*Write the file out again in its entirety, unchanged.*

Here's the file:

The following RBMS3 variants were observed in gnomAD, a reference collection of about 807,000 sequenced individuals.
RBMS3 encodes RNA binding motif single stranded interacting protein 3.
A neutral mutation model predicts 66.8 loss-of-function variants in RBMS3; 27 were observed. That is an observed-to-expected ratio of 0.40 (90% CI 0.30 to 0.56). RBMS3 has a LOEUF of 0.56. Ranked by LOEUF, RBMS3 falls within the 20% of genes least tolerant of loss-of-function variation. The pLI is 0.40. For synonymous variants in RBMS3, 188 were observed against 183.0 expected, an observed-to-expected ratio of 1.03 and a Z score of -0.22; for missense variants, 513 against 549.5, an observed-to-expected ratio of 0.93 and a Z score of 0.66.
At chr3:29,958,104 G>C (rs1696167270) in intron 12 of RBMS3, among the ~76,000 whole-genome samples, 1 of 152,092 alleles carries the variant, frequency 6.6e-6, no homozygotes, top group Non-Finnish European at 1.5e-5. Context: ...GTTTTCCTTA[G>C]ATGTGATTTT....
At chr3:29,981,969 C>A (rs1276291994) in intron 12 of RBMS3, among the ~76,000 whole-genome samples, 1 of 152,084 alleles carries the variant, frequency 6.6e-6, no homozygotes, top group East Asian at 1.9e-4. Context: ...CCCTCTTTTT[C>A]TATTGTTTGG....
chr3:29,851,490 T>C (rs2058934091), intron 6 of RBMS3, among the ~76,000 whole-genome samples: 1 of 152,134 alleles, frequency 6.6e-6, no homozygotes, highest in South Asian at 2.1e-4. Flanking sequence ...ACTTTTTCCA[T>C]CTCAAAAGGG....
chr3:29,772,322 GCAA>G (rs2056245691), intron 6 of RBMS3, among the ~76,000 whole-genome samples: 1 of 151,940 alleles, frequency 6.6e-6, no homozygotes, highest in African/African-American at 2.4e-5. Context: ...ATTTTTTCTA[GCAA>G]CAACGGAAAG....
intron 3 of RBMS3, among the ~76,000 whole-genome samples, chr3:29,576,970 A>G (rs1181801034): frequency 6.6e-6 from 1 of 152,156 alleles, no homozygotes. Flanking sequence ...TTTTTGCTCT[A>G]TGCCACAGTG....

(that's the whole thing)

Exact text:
The following RBMS3 variants were observed in gnomAD, a reference collection of about 807,000 sequenced individuals.
RBMS3 encodes RNA binding motif single stranded interacting protein 3.
A neutral mutation model predicts 66.8 loss-of-function variants in RBMS3; 27 were observed. That is an observed-to-expected ratio of 0.40 (90% CI 0.30 to 0.56). RBMS3 has a LOEUF of 0.56. Ranked by LOEUF, RBMS3 falls within the 20% of genes least tolerant of loss-of-function variation. The pLI is 0.40. For synonymous variants in RBMS3, 188 were observed against 183.0 expected, an observed-to-expected ratio of 1.03 and a Z score of -0.22; for missense variants, 513 against 549.5, an observed-to-expected ratio of 0.93 and a Z score of 0.66.
At chr3:29,958,104 G>C (rs1696167270) in intron 12 of RBMS3, among the ~76,000 whole-genome samples, 1 of 152,092 alleles carries the variant, frequency 6.6e-6, no homozygotes, top group Non-Finnish European at 1.5e-5. Context: ...GTTTTCCTTA[G>C]ATGTGATTTT....
At chr3:29,981,969 C>A (rs1276291994) in intron 12 of RBMS3, among the ~76,000 whole-genome samples, 1 of 152,084 alleles carries the variant, frequency 6.6e-6, no homozygotes, top group East Asian at 1.9e-4. Context: ...CCCTCTTTTT[C>A]TATTGTTTGG....
chr3:29,851,490 T>C (rs2058934091), intron 6 of RBMS3, among the ~76,000 whole-genome samples: 1 of 152,134 alleles, frequency 6.6e-6, no homozygotes, highest in South Asian at 2.1e-4. Flanking sequence ...ACTTTTTCCA[T>C]CTCAAAAGGG....
chr3:29,772,322 GCAA>G (rs2056245691), intron 6 of RBMS3, among the ~76,000 whole-genome samples: 1 of 151,940 alleles, frequency 6.6e-6, no homozygotes, highest in African/African-American at 2.4e-5. Context: ...ATTTTTTCTA[GCAA>G]CAACGGAAAG....
intron 3 of RBMS3, among the ~76,000 whole-genome samples, chr3:29,576,970 A>G (rs1181801034): frequency 6.6e-6 from 1 of 152,156 alleles, no homozygotes. Flanking sequence ...TTTTTGCTCT[A>G]TGCCACAGTG....